Archive for the ‘Uncategorized’ Category

Vim Nano

Or, how to make vim behave a lot more like nano

My vimrc:

" backspace anything
set backspace=indent,eol,start

" indent plz
set autoindent

" I never liked vi
set nocompatible

" can haz shiny
syntax on
filetype plugin indent on

" +++ Make it obvious which mode we are in
set laststatus=2 " always show status line
set statusline=%F%m%r%h%w[%L][%{&ff}]%y[%p%%][%04l,%04v]
highlight Comment ctermfg=lightblue
highlight StatusLine ctermfg=yellow ctermbg=red cterm=BOLD

" no wrapping plz
set nowrap

set insertmode

" mappings
inoremap <C-l> <C-o>
inoremap <C-o> <C-o>:w
inoremap <C-c> <C-o>:q!
inoremap <C-x> <C-o>:q<CR>
inoremap <C-w> <C-o>/
inoremap <C-k> <C-o>dd
inoremap <C-u> <C-o>P

" i like to paste
set pastetoggle=<F4>

This gives you some basic nano shortcuts, ^x to quit, ^o to write, ^w to search. It can do nano style cut/paste, but only with a single line (so far). Use ^l to type regular vim commands.

Hello world!

First (new) blog post, since I, em, lost the old blog. Will be putting up the more useful of the old posts and adding some new ones 🙂

Getting the multimedia keys to work

Today I decided to throw out my old dell keyboard and get a fancy new keyboard. I got a genius KKB-2050, which was fairly cheap. The keyboard has 12 multimedia keys along the top, which needless to say didn’t work. This is how I got them working.

Firstly, install lineakd, it’s in the fedora repo, so you can install it with yum. I tried to get some the graphical configuration working, but got nowhere. The config files looked easy enough to edit, so I quickly tried that approach.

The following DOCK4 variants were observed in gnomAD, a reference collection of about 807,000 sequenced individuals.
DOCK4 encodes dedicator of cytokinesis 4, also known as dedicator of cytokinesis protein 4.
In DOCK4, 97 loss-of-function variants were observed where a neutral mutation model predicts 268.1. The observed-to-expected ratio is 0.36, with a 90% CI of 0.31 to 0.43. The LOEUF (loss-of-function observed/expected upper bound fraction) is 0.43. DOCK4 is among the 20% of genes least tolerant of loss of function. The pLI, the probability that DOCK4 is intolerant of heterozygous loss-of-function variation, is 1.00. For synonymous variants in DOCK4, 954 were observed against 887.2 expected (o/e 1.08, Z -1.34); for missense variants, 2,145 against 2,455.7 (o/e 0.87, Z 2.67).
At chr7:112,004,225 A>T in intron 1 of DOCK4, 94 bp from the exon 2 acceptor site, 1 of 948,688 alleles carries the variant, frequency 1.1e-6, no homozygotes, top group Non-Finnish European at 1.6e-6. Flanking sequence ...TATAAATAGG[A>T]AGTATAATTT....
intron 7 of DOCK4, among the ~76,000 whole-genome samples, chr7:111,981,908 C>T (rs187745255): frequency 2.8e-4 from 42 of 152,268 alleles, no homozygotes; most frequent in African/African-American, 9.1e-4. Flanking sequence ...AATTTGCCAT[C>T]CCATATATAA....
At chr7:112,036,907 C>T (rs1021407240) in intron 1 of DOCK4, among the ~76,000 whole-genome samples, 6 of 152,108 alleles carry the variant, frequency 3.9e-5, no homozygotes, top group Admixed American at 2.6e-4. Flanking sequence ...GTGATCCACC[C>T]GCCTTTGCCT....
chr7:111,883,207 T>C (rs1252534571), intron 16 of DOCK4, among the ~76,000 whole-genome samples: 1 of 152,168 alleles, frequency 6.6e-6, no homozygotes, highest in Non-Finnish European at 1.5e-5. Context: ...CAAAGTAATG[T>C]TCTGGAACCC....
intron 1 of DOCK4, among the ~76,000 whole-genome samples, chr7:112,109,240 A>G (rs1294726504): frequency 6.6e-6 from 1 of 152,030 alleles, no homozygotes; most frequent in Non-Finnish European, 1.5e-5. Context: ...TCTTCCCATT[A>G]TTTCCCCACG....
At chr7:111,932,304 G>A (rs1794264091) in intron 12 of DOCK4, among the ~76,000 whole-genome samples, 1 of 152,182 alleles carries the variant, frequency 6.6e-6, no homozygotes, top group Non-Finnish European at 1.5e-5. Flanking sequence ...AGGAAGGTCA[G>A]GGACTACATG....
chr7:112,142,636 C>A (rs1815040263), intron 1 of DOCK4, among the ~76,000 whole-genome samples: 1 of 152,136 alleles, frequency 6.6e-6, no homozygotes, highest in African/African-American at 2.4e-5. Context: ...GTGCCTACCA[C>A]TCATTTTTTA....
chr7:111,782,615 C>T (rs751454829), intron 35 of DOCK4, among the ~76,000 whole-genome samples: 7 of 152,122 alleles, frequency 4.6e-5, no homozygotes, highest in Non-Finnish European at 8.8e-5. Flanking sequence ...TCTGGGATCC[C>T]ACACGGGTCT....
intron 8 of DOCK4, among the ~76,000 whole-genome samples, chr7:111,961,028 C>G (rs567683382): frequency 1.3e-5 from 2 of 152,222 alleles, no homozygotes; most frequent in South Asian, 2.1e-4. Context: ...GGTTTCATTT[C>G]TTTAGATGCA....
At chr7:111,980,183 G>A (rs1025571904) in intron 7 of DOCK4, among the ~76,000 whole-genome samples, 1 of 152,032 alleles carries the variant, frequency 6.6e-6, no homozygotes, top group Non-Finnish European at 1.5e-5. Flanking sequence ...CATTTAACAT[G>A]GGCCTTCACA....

Firstly, run lineakd -l to list the keyboards and find the one that matches yours closest. To generate the configuration file then run lineakd -c [keyboard-type] where keyboard type is the model number of the keyboard you chose from the lineak -l output.

That will generate a default blank config in (~/.lineak/lineakd.conf). I wanted a global configuration, so I moved this to /etc/lineak/lineakd.conf. (if you do this, make sure to chmod it 644 to make it world readable.

Run lineakd -vv from a terminal window, and check that your keys are correctly detected. If they were then proceed to editing the config file, if not try generate it again with a different keyboard type, or refer to the lineak website.

Open the lineakd.conf in a text editor, and you’ll see a list of actions that correspond to the keys on your keyboard. You can put any commands in there – you may want to refer to my config file at this time (read it here).

My keyboard also came with a sleep key, which by default was sleeping (and crashing my desktop). Needless to say, I wanted to disable this feature so my machine wouldn’t crash if someone accidentally hit the key. The solution was simple enough – telling the suspend button to do nothing in the gnome power configuration seemed to do it :)

Run lineakd from a terminal again (run it as you, not as root) and check that things are working. If they are all that’s left to do is run lineak when your x session starts (coming soon)